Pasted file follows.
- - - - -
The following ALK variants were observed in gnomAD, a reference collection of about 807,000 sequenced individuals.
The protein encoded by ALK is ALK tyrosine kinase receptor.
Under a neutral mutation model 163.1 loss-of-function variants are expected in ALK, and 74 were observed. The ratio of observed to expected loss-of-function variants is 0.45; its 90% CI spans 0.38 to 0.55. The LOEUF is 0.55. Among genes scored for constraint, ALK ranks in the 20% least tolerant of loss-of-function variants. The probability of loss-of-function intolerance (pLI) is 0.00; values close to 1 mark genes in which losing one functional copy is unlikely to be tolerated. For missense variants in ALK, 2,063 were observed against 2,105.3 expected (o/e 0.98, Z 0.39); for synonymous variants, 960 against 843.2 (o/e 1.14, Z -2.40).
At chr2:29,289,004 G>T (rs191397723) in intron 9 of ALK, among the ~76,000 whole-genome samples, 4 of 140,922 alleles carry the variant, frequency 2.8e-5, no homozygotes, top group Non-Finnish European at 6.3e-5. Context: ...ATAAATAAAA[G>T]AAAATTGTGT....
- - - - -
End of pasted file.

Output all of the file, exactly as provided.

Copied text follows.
The following ALK variants were observed in gnomAD, a reference collection of about 807,000 sequenced individuals.
The protein encoded by ALK is ALK tyrosine kinase receptor.
Under a neutral mutation model 163.1 loss-of-function variants are expected in ALK, and 74 were observed. The ratio of observed to expected loss-of-function variants is 0.45; its 90% CI spans 0.38 to 0.55. The LOEUF is 0.55. Among genes scored for constraint, ALK ranks in the 20% least tolerant of loss-of-function variants. The probability of loss-of-function intolerance (pLI) is 0.00; values close to 1 mark genes in which losing one functional copy is unlikely to be tolerated. For missense variants in ALK, 2,063 were observed against 2,105.3 expected (o/e 0.98, Z 0.39); for synonymous variants, 960 against 843.2 (o/e 1.14, Z -2.40).
At chr2:29,289,004 G>T (rs191397723) in intron 9 of ALK, among the ~76,000 whole-genome samples, 4 of 140,922 alleles carry the variant, frequency 2.8e-5, no homozygotes, top group Non-Finnish European at 6.3e-5. Context: ...ATAAATAAAA[G>T]AAAATTGTGT....